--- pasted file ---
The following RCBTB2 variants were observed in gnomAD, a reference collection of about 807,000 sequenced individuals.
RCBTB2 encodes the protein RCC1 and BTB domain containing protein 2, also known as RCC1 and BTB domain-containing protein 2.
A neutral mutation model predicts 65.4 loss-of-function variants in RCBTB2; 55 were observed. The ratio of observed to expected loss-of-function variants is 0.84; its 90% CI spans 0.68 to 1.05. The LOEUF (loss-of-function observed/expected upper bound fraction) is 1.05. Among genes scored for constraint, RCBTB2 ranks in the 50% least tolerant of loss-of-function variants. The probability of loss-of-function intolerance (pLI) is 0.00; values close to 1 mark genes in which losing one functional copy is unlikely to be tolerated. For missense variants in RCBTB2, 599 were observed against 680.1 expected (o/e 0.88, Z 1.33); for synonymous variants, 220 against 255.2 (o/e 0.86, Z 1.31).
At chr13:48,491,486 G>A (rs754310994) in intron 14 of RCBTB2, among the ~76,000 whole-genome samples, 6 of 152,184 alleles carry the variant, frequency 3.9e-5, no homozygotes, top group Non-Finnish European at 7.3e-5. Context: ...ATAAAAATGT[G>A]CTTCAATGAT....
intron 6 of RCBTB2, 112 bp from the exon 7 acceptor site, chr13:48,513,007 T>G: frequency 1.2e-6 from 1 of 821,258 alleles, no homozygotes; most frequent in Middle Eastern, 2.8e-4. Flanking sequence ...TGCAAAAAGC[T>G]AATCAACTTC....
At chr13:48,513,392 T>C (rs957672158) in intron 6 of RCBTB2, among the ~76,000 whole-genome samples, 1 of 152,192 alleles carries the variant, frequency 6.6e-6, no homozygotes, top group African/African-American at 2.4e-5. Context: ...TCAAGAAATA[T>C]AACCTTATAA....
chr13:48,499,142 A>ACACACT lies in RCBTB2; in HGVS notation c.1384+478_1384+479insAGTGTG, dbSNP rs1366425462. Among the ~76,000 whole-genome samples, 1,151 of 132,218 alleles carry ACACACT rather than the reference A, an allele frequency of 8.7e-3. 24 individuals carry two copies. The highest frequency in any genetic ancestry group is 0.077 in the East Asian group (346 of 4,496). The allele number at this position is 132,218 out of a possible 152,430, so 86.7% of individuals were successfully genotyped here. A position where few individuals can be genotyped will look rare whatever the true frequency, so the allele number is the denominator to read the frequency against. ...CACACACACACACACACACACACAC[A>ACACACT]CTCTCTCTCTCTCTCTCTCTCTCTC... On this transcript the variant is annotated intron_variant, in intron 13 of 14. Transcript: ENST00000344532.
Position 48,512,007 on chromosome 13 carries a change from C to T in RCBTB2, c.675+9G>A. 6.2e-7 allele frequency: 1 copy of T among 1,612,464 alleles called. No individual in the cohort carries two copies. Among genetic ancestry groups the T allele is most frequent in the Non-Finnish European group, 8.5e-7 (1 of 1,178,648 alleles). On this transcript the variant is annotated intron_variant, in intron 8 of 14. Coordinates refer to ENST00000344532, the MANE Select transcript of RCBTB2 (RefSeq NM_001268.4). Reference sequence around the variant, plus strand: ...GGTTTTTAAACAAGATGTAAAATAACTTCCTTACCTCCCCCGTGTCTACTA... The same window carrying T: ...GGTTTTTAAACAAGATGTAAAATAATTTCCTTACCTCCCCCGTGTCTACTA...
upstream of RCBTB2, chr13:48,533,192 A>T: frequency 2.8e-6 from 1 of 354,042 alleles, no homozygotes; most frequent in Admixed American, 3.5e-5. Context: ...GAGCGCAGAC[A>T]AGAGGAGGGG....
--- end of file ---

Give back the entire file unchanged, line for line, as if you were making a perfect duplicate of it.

The following RCBTB2 variants were observed in gnomAD, a reference collection of about 807,000 sequenced individuals.
RCBTB2 encodes the protein RCC1 and BTB domain containing protein 2, also known as RCC1 and BTB domain-containing protein 2.
A neutral mutation model predicts 65.4 loss-of-function variants in RCBTB2; 55 were observed. The ratio of observed to expected loss-of-function variants is 0.84; its 90% CI spans 0.68 to 1.05. The LOEUF (loss-of-function observed/expected upper bound fraction) is 1.05. Among genes scored for constraint, RCBTB2 ranks in the 50% least tolerant of loss-of-function variants. The probability of loss-of-function intolerance (pLI) is 0.00; values close to 1 mark genes in which losing one functional copy is unlikely to be tolerated. For missense variants in RCBTB2, 599 were observed against 680.1 expected (o/e 0.88, Z 1.33); for synonymous variants, 220 against 255.2 (o/e 0.86, Z 1.31).
At chr13:48,491,486 G>A (rs754310994) in intron 14 of RCBTB2, among the ~76,000 whole-genome samples, 6 of 152,184 alleles carry the variant, frequency 3.9e-5, no homozygotes, top group Non-Finnish European at 7.3e-5. Context: ...ATAAAAATGT[G>A]CTTCAATGAT....
intron 6 of RCBTB2, 112 bp from the exon 7 acceptor site, chr13:48,513,007 T>G: frequency 1.2e-6 from 1 of 821,258 alleles, no homozygotes; most frequent in Middle Eastern, 2.8e-4. Flanking sequence ...TGCAAAAAGC[T>G]AATCAACTTC....
At chr13:48,513,392 T>C (rs957672158) in intron 6 of RCBTB2, among the ~76,000 whole-genome samples, 1 of 152,192 alleles carries the variant, frequency 6.6e-6, no homozygotes, top group African/African-American at 2.4e-5. Context: ...TCAAGAAATA[T>C]AACCTTATAA....
chr13:48,499,142 A>ACACACT lies in RCBTB2; in HGVS notation c.1384+478_1384+479insAGTGTG, dbSNP rs1366425462. Among the ~76,000 whole-genome samples, 1,151 of 132,218 alleles carry ACACACT rather than the reference A, an allele frequency of 8.7e-3. 24 individuals carry two copies. The highest frequency in any genetic ancestry group is 0.077 in the East Asian group (346 of 4,496). The allele number at this position is 132,218 out of a possible 152,430, so 86.7% of individuals were successfully genotyped here. A position where few individuals can be genotyped will look rare whatever the true frequency, so the allele number is the denominator to read the frequency against. ...CACACACACACACACACACACACAC[A>ACACACT]CTCTCTCTCTCTCTCTCTCTCTCTC... On this transcript the variant is annotated intron_variant, in intron 13 of 14. Transcript: ENST00000344532.
Position 48,512,007 on chromosome 13 carries a change from C to T in RCBTB2, c.675+9G>A. 6.2e-7 allele frequency: 1 copy of T among 1,612,464 alleles called. No individual in the cohort carries two copies. Among genetic ancestry groups the T allele is most frequent in the Non-Finnish European group, 8.5e-7 (1 of 1,178,648 alleles). On this transcript the variant is annotated intron_variant, in intron 8 of 14. Coordinates refer to ENST00000344532, the MANE Select transcript of RCBTB2 (RefSeq NM_001268.4). Reference sequence around the variant, plus strand: ...GGTTTTTAAACAAGATGTAAAATAACTTCCTTACCTCCCCCGTGTCTACTA... The same window carrying T: ...GGTTTTTAAACAAGATGTAAAATAATTTCCTTACCTCCCCCGTGTCTACTA...
upstream of RCBTB2, chr13:48,533,192 A>T: frequency 2.8e-6 from 1 of 354,042 alleles, no homozygotes; most frequent in Admixed American, 3.5e-5. Context: ...GAGCGCAGAC[A>T]AGAGGAGGGG....